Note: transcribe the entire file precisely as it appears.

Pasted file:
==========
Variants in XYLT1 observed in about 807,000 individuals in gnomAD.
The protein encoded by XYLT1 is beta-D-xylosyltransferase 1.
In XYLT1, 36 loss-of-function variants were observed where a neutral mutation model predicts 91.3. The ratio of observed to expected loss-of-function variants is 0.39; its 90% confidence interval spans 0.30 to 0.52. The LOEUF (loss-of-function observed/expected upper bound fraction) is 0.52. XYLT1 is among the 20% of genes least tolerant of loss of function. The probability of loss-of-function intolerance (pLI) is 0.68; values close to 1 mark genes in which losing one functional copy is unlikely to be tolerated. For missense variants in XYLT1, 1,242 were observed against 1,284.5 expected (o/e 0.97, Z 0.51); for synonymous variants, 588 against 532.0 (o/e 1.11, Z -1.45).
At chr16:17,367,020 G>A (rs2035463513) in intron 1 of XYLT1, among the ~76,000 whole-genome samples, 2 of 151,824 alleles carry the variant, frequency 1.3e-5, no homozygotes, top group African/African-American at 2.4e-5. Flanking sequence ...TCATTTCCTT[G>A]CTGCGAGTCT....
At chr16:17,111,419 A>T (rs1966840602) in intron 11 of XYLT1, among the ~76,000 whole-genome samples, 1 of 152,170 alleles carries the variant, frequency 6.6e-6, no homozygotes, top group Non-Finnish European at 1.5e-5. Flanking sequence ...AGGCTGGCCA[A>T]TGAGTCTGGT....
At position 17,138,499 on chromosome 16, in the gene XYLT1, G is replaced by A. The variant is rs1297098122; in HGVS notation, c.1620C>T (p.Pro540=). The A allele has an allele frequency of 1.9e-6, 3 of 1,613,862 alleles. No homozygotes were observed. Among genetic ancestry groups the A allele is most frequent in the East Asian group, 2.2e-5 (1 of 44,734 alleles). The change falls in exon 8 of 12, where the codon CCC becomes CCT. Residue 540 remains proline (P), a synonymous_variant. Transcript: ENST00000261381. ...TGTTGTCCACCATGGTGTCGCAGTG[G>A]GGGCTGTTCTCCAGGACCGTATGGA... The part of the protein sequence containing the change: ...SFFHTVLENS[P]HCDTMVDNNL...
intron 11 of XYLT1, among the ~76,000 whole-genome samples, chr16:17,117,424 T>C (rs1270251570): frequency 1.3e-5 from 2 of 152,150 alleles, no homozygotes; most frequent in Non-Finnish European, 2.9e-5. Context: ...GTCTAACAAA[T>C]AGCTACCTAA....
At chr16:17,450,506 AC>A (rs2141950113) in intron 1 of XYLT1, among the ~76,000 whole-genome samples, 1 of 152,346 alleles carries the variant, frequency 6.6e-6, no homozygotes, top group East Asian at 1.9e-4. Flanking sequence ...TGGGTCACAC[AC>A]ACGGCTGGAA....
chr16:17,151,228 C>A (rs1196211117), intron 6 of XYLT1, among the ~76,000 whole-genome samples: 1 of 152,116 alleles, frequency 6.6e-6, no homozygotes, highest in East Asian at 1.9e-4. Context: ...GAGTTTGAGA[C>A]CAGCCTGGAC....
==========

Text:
Variants in XYLT1 observed in about 807,000 individuals in gnomAD.
The protein encoded by XYLT1 is beta-D-xylosyltransferase 1.
In XYLT1, 36 loss-of-function variants were observed where a neutral mutation model predicts 91.3. The ratio of observed to expected loss-of-function variants is 0.39; its 90% confidence interval spans 0.30 to 0.52. The LOEUF (loss-of-function observed/expected upper bound fraction) is 0.52. XYLT1 is among the 20% of genes least tolerant of loss of function. The probability of loss-of-function intolerance (pLI) is 0.68; values close to 1 mark genes in which losing one functional copy is unlikely to be tolerated. For missense variants in XYLT1, 1,242 were observed against 1,284.5 expected (o/e 0.97, Z 0.51); for synonymous variants, 588 against 532.0 (o/e 1.11, Z -1.45).
At chr16:17,367,020 G>A (rs2035463513) in intron 1 of XYLT1, among the ~76,000 whole-genome samples, 2 of 151,824 alleles carry the variant, frequency 1.3e-5, no homozygotes, top group African/African-American at 2.4e-5. Flanking sequence ...TCATTTCCTT[G>A]CTGCGAGTCT....
At chr16:17,111,419 A>T (rs1966840602) in intron 11 of XYLT1, among the ~76,000 whole-genome samples, 1 of 152,170 alleles carries the variant, frequency 6.6e-6, no homozygotes, top group Non-Finnish European at 1.5e-5. Flanking sequence ...AGGCTGGCCA[A>T]TGAGTCTGGT....
At position 17,138,499 on chromosome 16, in the gene XYLT1, G is replaced by A. The variant is rs1297098122; in HGVS notation, c.1620C>T (p.Pro540=). The A allele has an allele frequency of 1.9e-6, 3 of 1,613,862 alleles. No homozygotes were observed. Among genetic ancestry groups the A allele is most frequent in the East Asian group, 2.2e-5 (1 of 44,734 alleles). The change falls in exon 8 of 12, where the codon CCC becomes CCT. Residue 540 remains proline (P), a synonymous_variant. Transcript: ENST00000261381. ...TGTTGTCCACCATGGTGTCGCAGTG[G>A]GGGCTGTTCTCCAGGACCGTATGGA... The part of the protein sequence containing the change: ...SFFHTVLENS[P]HCDTMVDNNL...
intron 11 of XYLT1, among the ~76,000 whole-genome samples, chr16:17,117,424 T>C (rs1270251570): frequency 1.3e-5 from 2 of 152,150 alleles, no homozygotes; most frequent in Non-Finnish European, 2.9e-5. Context: ...GTCTAACAAA[T>C]AGCTACCTAA....
At chr16:17,450,506 AC>A (rs2141950113) in intron 1 of XYLT1, among the ~76,000 whole-genome samples, 1 of 152,346 alleles carries the variant, frequency 6.6e-6, no homozygotes, top group East Asian at 1.9e-4. Flanking sequence ...TGGGTCACAC[AC>A]ACGGCTGGAA....
chr16:17,151,228 C>A (rs1196211117), intron 6 of XYLT1, among the ~76,000 whole-genome samples: 1 of 152,116 alleles, frequency 6.6e-6, no homozygotes, highest in East Asian at 1.9e-4. Context: ...GAGTTTGAGA[C>A]CAGCCTGGAC....